feat. a Korean-Canadian is a blog series highlighting Korean-Canadians and their experiences, perspectives and thoughts on their identity as Korean-Canadians.
This blog features Jae Lee, who is currently a Master’s student in public policy specializing in digital and new technology at Sciences Po in Paris, France.
You currently live in Paris. How do you answer the question, “Where are you from?”
Jae: I used to say that I was from Canada because that is quite literally where I came from; however, the answer does not satisfy most people I meet here. People are curious about my ethnicity and like to follow up the question with; “China?” or “No, where are you from?” so now I always say, “I was born in Korea but I lived in Canada for most of my life.”
I get those responses as well when I travel and the follow up questions can get frustrating. What is it like to be a Korean-Canadian living in a country other than Korea and Canada?
Jae: It’s definitely interesting. My school is quite international, so my close classmates and I like to poke fun of each other’s cultures and stereotypes – all in good fun, of course. Most of the time they group me with the Canadians and say things like, “But you are Canadian, of course you should be polite.” I was surprised to find out that they identified me as a Canadian since I expected them to identify me as simply Asian.
People who don’t know me too well though like to identify me as a Korean. Someone recently told me that my research should be on the North Korean nuclear issue stating, “Isn’t that your specialization or something?” I don’t know if I would have received the same question in Canada. I think Canadians are more willing to accept different ethnic backgrounds as a part of the overall Canadian culture.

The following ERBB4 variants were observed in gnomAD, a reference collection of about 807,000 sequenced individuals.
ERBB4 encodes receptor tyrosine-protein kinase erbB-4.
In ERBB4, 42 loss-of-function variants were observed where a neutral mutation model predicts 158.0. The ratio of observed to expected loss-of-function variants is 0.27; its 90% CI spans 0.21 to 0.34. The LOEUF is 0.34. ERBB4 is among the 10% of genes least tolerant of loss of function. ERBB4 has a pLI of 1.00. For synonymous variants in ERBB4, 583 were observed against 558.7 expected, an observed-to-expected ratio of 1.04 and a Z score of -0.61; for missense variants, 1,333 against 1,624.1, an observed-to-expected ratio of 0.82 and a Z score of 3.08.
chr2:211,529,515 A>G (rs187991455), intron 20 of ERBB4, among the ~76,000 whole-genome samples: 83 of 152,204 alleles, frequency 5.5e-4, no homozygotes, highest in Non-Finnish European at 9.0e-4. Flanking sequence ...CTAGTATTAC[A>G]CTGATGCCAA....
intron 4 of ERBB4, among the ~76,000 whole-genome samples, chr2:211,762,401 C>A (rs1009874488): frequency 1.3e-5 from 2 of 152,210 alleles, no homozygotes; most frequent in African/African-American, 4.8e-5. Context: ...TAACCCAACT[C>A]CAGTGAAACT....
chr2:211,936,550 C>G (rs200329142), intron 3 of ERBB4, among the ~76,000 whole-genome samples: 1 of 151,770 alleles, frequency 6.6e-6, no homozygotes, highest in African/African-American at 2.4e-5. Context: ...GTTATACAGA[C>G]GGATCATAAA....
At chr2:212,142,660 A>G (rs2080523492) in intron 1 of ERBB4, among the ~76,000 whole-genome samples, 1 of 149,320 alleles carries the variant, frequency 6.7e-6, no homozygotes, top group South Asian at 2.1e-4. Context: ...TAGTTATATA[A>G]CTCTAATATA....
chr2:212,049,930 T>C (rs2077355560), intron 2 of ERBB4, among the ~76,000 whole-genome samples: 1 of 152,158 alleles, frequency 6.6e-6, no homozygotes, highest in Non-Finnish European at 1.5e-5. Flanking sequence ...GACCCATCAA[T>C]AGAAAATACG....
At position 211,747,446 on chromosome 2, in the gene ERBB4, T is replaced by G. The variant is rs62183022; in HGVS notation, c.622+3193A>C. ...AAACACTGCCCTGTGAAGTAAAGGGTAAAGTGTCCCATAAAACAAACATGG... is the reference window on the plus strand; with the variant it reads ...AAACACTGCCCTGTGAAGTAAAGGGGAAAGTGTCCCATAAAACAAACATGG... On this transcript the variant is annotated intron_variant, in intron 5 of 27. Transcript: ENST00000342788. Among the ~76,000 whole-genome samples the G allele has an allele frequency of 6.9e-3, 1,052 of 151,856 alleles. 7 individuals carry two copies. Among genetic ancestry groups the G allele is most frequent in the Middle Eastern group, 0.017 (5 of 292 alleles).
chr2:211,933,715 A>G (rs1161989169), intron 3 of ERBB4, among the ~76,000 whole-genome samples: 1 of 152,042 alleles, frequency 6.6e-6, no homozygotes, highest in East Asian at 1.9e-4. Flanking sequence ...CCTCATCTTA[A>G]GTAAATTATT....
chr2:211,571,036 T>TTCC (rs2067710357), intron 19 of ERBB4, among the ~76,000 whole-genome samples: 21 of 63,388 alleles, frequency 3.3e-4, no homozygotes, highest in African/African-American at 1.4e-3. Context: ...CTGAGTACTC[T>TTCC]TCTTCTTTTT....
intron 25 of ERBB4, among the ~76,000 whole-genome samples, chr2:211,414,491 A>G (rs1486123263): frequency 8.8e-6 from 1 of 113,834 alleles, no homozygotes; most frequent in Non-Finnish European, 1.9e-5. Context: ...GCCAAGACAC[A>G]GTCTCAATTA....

I know that Korea is not your specialization but you do follow Korean politics and current events. How did you become interested?
Jae: I actually didn’t realize I was interested in Korean politics and events until the last couple of years. I had basic background knowledge about Korean politics and events but I felt like specializing or even being interested in Korean politics would seem like I was only interested in my own culture because it was easy and stereotypical. So I made efforts to try to follow events and news in other countries instead.
Things began to change as I got older and I started to have discussions with people who were interested in Korea. They were telling me what they knew about North and South Korea and in some ways trying to teach me about it. I found myself thinking, “I already know this. I have first-hand experience.” Since then I realized that I have more interest and knowledge than I previously thought and now I follow and research Korean politics without feeling shameful.
Following Korean politics is actually very interesting, I believe it is a place with rapidly growing ideologies and it’s interesting to see how policies change very quickly with technological developments.
I am glad that you are following Korean politics as you wrote an excellent blog last year on the reactions of Korean youths after the impeachment of former President Park Geun-Hye. For the last question of this blog, what are some topics in Korea that you’ve been following lately?
Jae: South Korea comes up quite a bit in my courses, especially when we are talking about digital innovations and government. I was pleasantly surprised to learn that the South Korea is one of the most innovative and adaptive countries and often comes out top-ranking for countries that do innovation well. I’m also currently following the wave of #Metoo movements occurring in Korea. I hope the movements quickly translate into policies to better protect against sexism and harassment.
Thank you, Jae for the interview. Please check out the blog Jae wrote – “A ‘New Moon’ Over South Korea: High Hopes and Skepticism” and leave a comment about your experience being abroad as a hyphenated Canadian.